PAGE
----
Robert G. Rosenberg

Tr. 460 - 492

Addresses testimony of CPB and Westchester regarding issue of disallowance of stranded cost recovery; cost of common equity of Con Edison; common equity ratio of Con Edison; and financial effect on Con Edison.

Eugene Schlatz

Tr. 493 - 544

Responds to issues raised by New York Energy Buyers et al., Travelers, and Prudential, regarding the 80% in-City capacity requirement, and presents Stone & Webster's reliability analysis as it relates to the determination of generating capacity requirements for New York City.

Luther Tai

Tr. 544- 568

Addresses schedule for transition to full retail access, responding to comparisons with other jurisdictions.


There is very little to complain about in terms of the overall scope of the settlement (it embodies a transition process that will create a competitive market in a reasonable time frame; it divests generation, implements full retail access, accepts further unbundling of customer services, lowers rates, and structurally separates competitive and regulated operations).

Rate plan balances ratepayer and investor interests in a reasonable manner consistent with the PSC's settlement guidelines. Ratemaking and related adjustments advanced by opponents should not override the settlement. The stranded cost recovery provisions and financial parameters (including the return on common equity and the common equity ratio) are reasonable.

Rate design and revenue allocation provisions are reasonable (including the allocation of rate reductions to customers, the minimum charge provision, the modified high tension provision, the provisions respecting NYPA delivery rate levels, the provisions regarding EDDS customers, the application of in-City generation requirements, the treatment of fuel adjustment issues, the treatment of the system benefits charge, and the disposition of proposals for interruptible service).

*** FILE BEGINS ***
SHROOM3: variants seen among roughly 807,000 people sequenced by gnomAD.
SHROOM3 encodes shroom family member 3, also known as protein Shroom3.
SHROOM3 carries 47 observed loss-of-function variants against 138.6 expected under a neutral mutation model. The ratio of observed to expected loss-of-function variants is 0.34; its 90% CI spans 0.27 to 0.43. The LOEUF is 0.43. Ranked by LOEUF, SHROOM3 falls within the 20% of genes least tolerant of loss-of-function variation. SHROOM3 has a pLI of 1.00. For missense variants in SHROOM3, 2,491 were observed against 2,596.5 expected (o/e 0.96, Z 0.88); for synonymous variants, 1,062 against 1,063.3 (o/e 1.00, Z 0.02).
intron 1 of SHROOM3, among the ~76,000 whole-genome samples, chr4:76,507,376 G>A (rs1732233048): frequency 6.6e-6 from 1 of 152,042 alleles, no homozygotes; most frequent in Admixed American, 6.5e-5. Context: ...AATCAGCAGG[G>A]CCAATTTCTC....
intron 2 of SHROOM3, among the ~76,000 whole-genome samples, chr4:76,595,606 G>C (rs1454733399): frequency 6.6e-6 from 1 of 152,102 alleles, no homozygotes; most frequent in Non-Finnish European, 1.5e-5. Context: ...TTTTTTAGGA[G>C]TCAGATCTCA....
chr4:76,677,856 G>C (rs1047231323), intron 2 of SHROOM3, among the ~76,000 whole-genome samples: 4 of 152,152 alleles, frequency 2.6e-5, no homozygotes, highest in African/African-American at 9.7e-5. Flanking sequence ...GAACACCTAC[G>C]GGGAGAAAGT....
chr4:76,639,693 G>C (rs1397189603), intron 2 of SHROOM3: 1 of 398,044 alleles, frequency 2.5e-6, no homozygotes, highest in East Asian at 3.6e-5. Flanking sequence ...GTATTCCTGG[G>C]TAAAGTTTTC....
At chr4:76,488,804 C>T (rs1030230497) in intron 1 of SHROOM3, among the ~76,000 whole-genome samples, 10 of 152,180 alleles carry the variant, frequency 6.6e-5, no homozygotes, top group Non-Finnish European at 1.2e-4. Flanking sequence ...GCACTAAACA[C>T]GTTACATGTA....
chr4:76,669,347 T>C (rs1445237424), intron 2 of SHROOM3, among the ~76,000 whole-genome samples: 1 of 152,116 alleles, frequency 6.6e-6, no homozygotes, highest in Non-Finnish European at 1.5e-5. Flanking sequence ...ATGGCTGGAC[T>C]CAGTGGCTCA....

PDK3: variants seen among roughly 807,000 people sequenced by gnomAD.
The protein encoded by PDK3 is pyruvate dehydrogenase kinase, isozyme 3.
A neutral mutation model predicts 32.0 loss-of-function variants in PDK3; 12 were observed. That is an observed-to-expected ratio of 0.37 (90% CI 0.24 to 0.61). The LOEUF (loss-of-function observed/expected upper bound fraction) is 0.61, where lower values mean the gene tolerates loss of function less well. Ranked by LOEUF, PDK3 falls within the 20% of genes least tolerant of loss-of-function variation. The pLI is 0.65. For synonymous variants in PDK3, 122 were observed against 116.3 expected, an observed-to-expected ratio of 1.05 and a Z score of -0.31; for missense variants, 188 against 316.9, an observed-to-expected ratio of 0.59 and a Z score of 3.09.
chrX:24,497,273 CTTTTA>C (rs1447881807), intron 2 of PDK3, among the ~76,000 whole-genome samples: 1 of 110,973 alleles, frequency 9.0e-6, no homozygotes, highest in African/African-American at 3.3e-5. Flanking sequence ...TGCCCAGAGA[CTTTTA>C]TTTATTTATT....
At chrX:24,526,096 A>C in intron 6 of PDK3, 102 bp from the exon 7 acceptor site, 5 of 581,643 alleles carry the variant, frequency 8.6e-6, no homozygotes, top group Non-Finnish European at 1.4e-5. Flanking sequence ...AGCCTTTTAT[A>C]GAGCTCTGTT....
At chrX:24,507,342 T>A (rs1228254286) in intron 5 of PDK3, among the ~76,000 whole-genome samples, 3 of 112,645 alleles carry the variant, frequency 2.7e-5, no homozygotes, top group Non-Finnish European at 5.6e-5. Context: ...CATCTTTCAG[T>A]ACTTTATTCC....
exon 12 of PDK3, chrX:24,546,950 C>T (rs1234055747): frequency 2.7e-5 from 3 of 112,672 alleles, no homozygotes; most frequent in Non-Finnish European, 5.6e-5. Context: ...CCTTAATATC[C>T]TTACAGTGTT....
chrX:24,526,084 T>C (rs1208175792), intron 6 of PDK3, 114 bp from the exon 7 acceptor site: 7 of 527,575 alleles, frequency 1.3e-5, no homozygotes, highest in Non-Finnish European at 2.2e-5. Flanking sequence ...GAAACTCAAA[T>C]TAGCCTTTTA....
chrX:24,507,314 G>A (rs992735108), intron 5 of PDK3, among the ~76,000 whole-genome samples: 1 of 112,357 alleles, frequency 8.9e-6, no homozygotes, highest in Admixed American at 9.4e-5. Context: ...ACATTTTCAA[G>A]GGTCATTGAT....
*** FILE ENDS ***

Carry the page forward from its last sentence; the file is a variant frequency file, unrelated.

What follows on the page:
The retail access provisions are reasonable (including the schedule, the 80% in-City generation requirement, the transportation/delivery service, the provisions regarding unbundling of metering, billing, and information services).

Process for divestiture is reasonable. Divestiture provisions will facilitate the development of a competitive market in a fair and reasonable manner.

Provisions for customer service and service quality are reasonable.

Treatment of ISO and wholesale competition issues is reasonable.

Corporate structure and affiliate relations provisions are reasonable.

Department of Public Service staff (staff)


Settlement satisfies PSC's vision and goals, and serves the public interest. Its implementation balances ratepayers' interest in reduced prices, continued service reliability, and competitive choice of suppliers and services; utility's interest in continued viability and new opportunities for growth; and the public's interest in the efficiency and fairness engendered by competition. It should be adopted (it meets the standard for judging settlements, since it has been endorsed by parties with diverse interests; it avoids full litigation which would cause needless delay, expenditure of resources, and uncertainty).


panel: Harvey Arnett

Frank Berak

Ellen Blackler

Jesse P. Decker

Tr. 1147 - 1404